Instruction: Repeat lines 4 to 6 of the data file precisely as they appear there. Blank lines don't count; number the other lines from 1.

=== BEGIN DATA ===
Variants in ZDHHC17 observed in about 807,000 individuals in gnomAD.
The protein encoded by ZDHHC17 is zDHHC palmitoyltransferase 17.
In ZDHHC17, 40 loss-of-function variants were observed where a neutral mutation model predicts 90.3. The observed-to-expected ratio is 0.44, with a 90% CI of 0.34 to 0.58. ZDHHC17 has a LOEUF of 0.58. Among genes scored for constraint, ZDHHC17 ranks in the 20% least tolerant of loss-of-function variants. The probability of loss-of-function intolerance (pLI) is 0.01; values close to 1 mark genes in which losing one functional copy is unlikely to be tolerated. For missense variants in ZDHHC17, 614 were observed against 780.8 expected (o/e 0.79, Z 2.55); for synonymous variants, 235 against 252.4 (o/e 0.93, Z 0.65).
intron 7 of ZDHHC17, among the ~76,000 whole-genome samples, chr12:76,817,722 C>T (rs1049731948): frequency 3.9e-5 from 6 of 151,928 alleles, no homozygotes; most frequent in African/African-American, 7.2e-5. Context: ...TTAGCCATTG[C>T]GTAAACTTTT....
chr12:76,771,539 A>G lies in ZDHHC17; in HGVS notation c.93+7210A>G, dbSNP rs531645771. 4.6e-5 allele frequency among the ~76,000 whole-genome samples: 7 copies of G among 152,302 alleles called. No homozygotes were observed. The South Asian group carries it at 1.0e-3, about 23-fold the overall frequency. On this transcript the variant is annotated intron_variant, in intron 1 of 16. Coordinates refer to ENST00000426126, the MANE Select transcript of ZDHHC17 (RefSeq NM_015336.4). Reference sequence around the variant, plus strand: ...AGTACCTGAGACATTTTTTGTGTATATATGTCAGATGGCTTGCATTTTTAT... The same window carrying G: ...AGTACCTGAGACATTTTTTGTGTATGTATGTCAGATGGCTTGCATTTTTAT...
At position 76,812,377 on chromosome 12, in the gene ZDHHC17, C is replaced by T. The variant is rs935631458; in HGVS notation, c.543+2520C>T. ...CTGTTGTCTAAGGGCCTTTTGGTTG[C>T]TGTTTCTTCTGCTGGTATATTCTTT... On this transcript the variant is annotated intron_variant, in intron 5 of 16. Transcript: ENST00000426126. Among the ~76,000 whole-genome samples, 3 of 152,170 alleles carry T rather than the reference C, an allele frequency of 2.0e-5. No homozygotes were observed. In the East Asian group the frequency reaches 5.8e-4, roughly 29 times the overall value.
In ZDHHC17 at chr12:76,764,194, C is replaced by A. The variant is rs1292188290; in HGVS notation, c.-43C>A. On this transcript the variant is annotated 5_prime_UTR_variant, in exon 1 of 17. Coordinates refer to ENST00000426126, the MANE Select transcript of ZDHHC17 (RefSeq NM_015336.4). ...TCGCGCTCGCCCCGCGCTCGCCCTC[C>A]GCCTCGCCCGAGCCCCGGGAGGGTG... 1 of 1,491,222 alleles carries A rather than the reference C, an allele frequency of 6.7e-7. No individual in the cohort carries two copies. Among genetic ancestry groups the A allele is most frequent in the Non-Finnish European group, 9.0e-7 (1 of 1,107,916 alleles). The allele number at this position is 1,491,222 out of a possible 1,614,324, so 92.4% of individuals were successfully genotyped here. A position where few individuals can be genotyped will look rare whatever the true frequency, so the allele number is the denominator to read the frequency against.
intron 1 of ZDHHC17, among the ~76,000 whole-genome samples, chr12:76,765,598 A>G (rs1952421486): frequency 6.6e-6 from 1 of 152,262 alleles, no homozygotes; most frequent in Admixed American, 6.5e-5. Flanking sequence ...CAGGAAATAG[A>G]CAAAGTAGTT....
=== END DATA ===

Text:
intron 7 of ZDHHC17, among the ~76,000 whole-genome samples, chr12:76,817,722 C>T (rs1049731948): frequency 3.9e-5 from 6 of 151,928 alleles, no homozygotes; most frequent in African/African-American, 7.2e-5. Context: ...TTAGCCATTG[C>T]GTAAACTTTT....
chr12:76,771,539 A>G lies in ZDHHC17; in HGVS notation c.93+7210A>G, dbSNP rs531645771. 4.6e-5 allele frequency among the ~76,000 whole-genome samples: 7 copies of G among 152,302 alleles called. No homozygotes were observed. The South Asian group carries it at 1.0e-3, about 23-fold the overall frequency. On this transcript the variant is annotated intron_variant, in intron 1 of 16. Coordinates refer to ENST00000426126, the MANE Select transcript of ZDHHC17 (RefSeq NM_015336.4). Reference sequence around the variant, plus strand: ...AGTACCTGAGACATTTTTTGTGTATATATGTCAGATGGCTTGCATTTTTAT... The same window carrying G: ...AGTACCTGAGACATTTTTTGTGTATGTATGTCAGATGGCTTGCATTTTTAT...
At position 76,812,377 on chromosome 12, in the gene ZDHHC17, C is replaced by T. The variant is rs935631458; in HGVS notation, c.543+2520C>T. ...CTGTTGTCTAAGGGCCTTTTGGTTG[C>T]TGTTTCTTCTGCTGGTATATTCTTT... On this transcript the variant is annotated intron_variant, in intron 5 of 16. Transcript: ENST00000426126. Among the ~76,000 whole-genome samples, 3 of 152,170 alleles carry T rather than the reference C, an allele frequency of 2.0e-5. No homozygotes were observed. In the East Asian group the frequency reaches 5.8e-4, roughly 29 times the overall value.